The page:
TFX uses the open source Apache Beam to implement data-parallel pipelines. Optionally TFX allows Apache Airflow and Kubeflow for easy configuration, operation, monitoring, and maintenance of the ML pipeline. Once the model is developed and trained, using TFX you can deploy it to one or more deployment target(s) where it will receive inference requests. TFX supports deployment to three classes of deployment targets: TensorFlow Serving (works with REST or gRPC interface), TensorFlow.js (for browser applications), and TensorFlow Lite (for native mobile and IoT applications). Trained models that have been exported as SavedModels can be deployed to any or all of these deployment targets.
TensorFlow Enterprise is the latest offering from Google that provides enterprise-grade support, cloud-scale performance, and managed services. TensorFlow Enterprise has been launched as a beta version. Its aim is to accelerate software development and ensure the reliability of launched AI applications. It is fully integrated with Google Cloud and its services, and introduces some improvements in the way TensorFlow Datasets reads data from Cloud Storage. TensorFlow Enterprise also introduces the BigQuery reader, which, as the name implies, allows the user to read data directly from BigQuery.
In ML tasks, speed is critical, and one of the major bottlenecks is the speed at which data is accessed for the training process. TensorFlow Enterprise provides optimized performance and easy access to data sources, making it extremely efficient on GCP.
In this chapter we explored different cloud service providers who could provide the computing power necessary to train, evaluate, and deploy your deep learning models. We started by first understanding the types of cloud computing services available today. The chapter explored the Amazon, Google, and Microsoft IaaS services for creating a virtual machine. The different infrastructure options available in each were discussed. Next, we moved to SaaS services, specifically Jupyter Notebook on cloud. The chapter covered the Amazon SageMaker, Google Colaboratory, and Azure Notebooks. Just training a model is not sufficient; eventually we want to deploy it in a scalable manner. Thus, we delved into TensorFlow Extended, which allows users to develop and deploy ML models in a scalable, safe, and secure manner. Lastly, we introduced TensorFlow Enterprise, the latest offering in the TensorFlow ecosystem, and briefly discussed its features.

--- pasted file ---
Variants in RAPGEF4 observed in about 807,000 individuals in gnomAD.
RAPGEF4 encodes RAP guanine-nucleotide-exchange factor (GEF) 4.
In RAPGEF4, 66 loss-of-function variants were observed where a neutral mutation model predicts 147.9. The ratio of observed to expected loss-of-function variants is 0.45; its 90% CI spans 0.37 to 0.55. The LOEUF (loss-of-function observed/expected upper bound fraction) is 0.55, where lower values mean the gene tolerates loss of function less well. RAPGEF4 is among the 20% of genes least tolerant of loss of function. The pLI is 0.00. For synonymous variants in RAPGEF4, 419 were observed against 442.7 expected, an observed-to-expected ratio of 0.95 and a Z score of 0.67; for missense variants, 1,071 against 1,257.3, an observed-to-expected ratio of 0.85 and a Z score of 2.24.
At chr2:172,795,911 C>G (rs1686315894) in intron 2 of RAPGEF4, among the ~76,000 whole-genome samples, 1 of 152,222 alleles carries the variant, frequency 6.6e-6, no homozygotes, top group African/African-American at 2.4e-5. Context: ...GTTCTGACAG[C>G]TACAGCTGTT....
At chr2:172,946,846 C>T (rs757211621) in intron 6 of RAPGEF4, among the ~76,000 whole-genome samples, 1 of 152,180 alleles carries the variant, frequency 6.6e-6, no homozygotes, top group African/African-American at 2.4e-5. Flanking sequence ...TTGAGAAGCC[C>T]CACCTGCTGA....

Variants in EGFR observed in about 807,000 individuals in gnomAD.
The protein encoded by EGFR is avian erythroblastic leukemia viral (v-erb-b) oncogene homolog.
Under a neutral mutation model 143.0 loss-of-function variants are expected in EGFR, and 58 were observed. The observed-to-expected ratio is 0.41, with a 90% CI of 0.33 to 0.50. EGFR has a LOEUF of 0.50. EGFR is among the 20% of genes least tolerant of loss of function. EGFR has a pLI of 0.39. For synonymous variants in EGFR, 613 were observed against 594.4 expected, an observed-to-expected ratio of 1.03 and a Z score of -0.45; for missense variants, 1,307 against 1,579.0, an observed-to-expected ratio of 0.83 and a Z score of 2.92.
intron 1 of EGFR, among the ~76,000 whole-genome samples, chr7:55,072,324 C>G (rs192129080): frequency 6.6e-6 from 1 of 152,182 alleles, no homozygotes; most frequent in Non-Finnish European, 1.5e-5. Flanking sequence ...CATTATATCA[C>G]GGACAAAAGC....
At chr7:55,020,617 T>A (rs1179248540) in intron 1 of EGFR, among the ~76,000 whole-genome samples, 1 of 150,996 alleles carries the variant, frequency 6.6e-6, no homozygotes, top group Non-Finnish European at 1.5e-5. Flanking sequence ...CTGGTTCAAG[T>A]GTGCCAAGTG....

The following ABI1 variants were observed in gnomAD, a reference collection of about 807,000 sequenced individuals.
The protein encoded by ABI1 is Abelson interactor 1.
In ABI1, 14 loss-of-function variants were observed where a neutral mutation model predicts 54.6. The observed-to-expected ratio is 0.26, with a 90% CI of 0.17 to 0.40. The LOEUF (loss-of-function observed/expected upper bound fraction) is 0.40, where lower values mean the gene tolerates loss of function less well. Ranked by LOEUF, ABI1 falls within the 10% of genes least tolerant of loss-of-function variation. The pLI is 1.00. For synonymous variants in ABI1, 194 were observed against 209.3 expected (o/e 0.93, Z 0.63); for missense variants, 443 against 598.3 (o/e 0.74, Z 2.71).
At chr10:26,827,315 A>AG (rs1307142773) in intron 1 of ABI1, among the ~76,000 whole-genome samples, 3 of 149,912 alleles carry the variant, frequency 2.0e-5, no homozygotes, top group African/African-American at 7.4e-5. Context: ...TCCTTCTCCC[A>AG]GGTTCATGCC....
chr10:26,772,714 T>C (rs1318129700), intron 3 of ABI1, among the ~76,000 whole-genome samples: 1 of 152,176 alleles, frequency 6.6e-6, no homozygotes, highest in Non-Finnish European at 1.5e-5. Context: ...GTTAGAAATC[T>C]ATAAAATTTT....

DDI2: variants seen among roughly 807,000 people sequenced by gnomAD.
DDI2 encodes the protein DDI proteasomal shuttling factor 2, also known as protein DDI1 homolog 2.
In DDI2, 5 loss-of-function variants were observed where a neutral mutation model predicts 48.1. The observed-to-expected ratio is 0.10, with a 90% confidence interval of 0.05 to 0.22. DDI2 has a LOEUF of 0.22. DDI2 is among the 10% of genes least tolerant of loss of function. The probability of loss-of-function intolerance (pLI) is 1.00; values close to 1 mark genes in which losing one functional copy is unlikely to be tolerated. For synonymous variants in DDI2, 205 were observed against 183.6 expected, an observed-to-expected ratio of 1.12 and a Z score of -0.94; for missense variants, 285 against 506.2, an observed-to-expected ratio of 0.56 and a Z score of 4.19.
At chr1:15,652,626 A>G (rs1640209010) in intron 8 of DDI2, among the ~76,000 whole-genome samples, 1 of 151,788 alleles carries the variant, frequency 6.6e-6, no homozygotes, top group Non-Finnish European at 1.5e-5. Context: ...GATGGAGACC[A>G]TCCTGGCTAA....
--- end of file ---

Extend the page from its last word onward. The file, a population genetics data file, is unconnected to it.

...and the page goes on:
- To get a complete list of virtual machine types offered by Microsoft Azure: https://azure.microsoft.com/en-in/pricing/details/virtual-machines/series/
- A good tutorial on Amazon SageMaker: https://www.bmc.com/blogs/amazon-sagemaker/
- A collection of interesting Azure Notebooks: https://github.com/ipython/ipython/wiki/A-gallery-of-interesting-IPython-Notebooks
- Sculley, David, Gary Holt, Daniel Golovin, Eugene Davydov, Todd Phillips, Dietmar Ebner, Vinay Chaudhary, Michael Young, Jean-Francois Crespo, and Dan Dennison. Hidden Technical Debt in Machine Learning Systems. In Advances in neural information processing systems, pp. 2503-2511. 2015
- TensorFlow Extended tutorials: https://www.tensorflow.org/tfx/tutorials
- Baylor, Denis, Eric Breck, Heng-Tze Cheng, Noah Fiedel, Chuan Yu Foo, Zakaria Haque, Salem Haykal et al. Tfx: A TensorFlow-Based Production-Scale Machine Learning Platform. In Proceedings of the 23rd ACM SIGKDD International Conference on Knowledge Discovery and Data Mining, pp. 1387-1395. ACM, 2017.
- A nice comparison between Google Colab and Azure Notebooks: https://dev.to/arpitgogia/azure-notebooks-vs-google-colab-from-a-novices-perspective-3ijo
- TensorFlow Enterprise: https://cloud.google.com/blog/products/ai-machine-learning/introducing-tensorflow-enterprise-supported-scalable-and-seamless-tensorflow-in-the-cloud